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Looking forward

By   /  September 8, 2017  /  Comments Off on Looking forward

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Fifty three years ago on the 6th of September 1964 the first cease fire between the Government of India and the Naga undergrounds particularly the Naga National Council and its governmental wing the Federal Government of Nagaland was declared. The event was the culmination of the efforts of the Nagaland Baptist Churches Council that first proposed for a Peace Mission during its convention at Wokha from January 31 to February 2 of 1964. The ceasefire agreement of 1964, the various events during the ceasefire period and after, are still relevant and will enrich the people; the leaders; and also the church at present if only one is ready to learn some lessons from it.

The declaration of the ceasefire marked a major shift in the policy of India towards the Naga issue, which undoubtedly accepted that the issue is political. A similar view was eloquently articulated by peace activist Niketu Iralu during the commemoration programme of the ceasefire agreement at Chedema Peace Camp on September 6 2017. Looking back, it can now be safely concluded that the ceasefire of 1964 opened the doors for the Naga movement for many years to come till present times. It should be a reminder for all the Naga people at present, especially the cynics and those wearing the mask of the cynics at present.

Thereafter, the happenings after the declaration of ceasefire are well documented by many authors, some of whom were also part of the negotiations. It might even be one of the best of chronicles about the Naga issue because the interactions were across the table with both parties present. It was unlike the various releases by both parties with propaganda being one of the intentions, though there were varying versions of truths.

Unfortunately after 8 years, the ceasefire was discontinued and the one major incident before the discontinuation was the ambush on the convoy of then Chief Minister Hokishe Sema on August 8, 1972. By October 1972 the Governor announced that his government will no longer continue the monthly extension of the suspension of operations and that any group with the aim to secede Nagaland from India will be declared as an unlawful association. There will be many reasons of why and how it failed that will go down in history but one thing that was certain was that there was an increase in the entities within the Nagas that also worked against each other.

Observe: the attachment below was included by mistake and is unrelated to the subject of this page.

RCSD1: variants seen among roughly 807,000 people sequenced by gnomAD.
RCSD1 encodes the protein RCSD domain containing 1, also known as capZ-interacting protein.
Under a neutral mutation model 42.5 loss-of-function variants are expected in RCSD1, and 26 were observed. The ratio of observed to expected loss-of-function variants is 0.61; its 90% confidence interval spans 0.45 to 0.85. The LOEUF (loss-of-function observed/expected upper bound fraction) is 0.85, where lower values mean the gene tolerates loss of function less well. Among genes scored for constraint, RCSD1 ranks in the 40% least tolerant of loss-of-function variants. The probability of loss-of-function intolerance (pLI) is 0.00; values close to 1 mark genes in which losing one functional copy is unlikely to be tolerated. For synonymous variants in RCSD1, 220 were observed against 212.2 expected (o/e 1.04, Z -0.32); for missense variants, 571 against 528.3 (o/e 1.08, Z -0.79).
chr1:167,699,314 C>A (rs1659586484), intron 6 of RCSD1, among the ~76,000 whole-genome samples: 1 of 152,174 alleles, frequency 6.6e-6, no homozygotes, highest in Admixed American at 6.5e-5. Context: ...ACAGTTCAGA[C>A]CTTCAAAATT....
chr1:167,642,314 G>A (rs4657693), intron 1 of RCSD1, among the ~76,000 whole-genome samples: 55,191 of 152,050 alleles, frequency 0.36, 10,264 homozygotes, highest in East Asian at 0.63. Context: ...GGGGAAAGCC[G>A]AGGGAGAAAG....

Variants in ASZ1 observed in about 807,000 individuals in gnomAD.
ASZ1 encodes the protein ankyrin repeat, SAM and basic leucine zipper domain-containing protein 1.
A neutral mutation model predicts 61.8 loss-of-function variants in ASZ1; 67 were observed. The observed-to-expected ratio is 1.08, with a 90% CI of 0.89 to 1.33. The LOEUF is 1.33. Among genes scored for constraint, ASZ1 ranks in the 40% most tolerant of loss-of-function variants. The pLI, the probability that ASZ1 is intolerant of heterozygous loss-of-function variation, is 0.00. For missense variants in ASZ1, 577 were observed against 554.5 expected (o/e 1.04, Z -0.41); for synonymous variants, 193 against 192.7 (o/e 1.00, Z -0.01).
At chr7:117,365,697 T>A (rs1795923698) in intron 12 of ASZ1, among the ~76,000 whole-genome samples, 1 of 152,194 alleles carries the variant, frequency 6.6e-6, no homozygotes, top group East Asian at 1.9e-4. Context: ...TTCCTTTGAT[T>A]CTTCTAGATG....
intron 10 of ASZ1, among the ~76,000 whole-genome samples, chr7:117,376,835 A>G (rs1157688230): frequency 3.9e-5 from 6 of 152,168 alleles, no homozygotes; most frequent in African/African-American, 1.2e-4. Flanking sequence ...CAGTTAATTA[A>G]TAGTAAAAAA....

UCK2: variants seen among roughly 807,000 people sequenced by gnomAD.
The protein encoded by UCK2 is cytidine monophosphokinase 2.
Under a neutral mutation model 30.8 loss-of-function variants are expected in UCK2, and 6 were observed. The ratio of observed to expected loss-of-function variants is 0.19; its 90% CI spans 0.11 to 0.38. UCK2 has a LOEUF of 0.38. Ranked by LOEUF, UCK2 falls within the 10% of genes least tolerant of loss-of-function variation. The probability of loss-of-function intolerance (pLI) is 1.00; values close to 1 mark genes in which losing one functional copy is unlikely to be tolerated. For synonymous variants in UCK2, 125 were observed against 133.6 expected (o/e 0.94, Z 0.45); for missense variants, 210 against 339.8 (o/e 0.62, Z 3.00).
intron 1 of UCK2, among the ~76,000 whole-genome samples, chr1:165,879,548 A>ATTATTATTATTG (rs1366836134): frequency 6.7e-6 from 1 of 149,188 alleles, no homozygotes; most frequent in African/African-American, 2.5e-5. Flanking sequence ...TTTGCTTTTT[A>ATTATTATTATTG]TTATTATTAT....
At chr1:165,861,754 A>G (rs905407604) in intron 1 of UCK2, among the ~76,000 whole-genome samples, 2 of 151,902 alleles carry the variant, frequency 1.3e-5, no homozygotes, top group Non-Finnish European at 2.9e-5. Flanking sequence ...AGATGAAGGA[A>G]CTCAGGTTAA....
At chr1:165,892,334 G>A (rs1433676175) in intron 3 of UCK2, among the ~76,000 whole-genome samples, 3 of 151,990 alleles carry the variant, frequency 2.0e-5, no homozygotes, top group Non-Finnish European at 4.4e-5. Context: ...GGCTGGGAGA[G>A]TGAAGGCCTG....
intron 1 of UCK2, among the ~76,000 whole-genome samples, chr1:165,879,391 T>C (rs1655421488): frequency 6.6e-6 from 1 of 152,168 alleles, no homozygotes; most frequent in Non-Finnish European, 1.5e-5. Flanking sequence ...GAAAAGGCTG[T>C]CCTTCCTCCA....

Notwithstanding, the commemoration of the historic day of ceasefire is held every year in Nagaland and as abrogation was unilateral it is accepted that the NNC/FGN still abides by the terms of ceasefire of 1964. Thereafter, there is yet another ceasefire signed in 1997 by the Government of India with another Naga political group, the NSCN (IM) which was perceived as most influential then and is probably now too. However, when it comes to commemoration of ceasefires the one of September 6, 1964 still eclipses that of August 1, 1997 and that is one of the many ironies related to the Naga issue. The NBCC will have a better answer to it but it is yet to state the reason why, though common sense indicates that a Church should celebrate any initiative for peace although not necessarily initiated by it.

On the other hand, the Chairman of the Nagaland Peace Centre, N Theyo at the thanksgiving service in commemoration of the ceasefire agreement that was held in Kohima on September 6, 2017 called upon the NNC led by Adinno and the NSCN (K) to join the peace process. The NNC led by Adinno and the NSCN (K) are the two groups that are indifferent to the current peace process between the NSCN (IM) and the Government of India.

However the most important inference that can be made from the ceasefire agreement of 1964 is that the Government of India indirectly accepted that it had overlooked certain details or may have committed some mistakes in the past. Either Prime Minister Jawaharlal Nehru was proven wrong or his advisors starting from the bureaucracy to the intelligence branches were wrong. The so called peace that was initially anticipated was not achieved after the signing of the treaty of 1960, the inauguration of the state in 1963 and the formation of the elected government in 1964. There was more bloodshed and many innocents lost their lives somehow prompting India to agree to sign the ceasefire agreement in 1964. The Naga issue with its unique nuances was overlooked by those at ground level.

Times have changed but the circumstances remains similar. The Nagas especially the elders and the leaders should learn from the past and not cling to it. It is time to look forward and not to commit the same mistakes; else the day is not far when they will be judged by the posterity.

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  • Published: 10 months ago on September 8, 2017
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  • Last Modified: September 8, 2017 @ 12:41 am
  • Filed Under: Editorial

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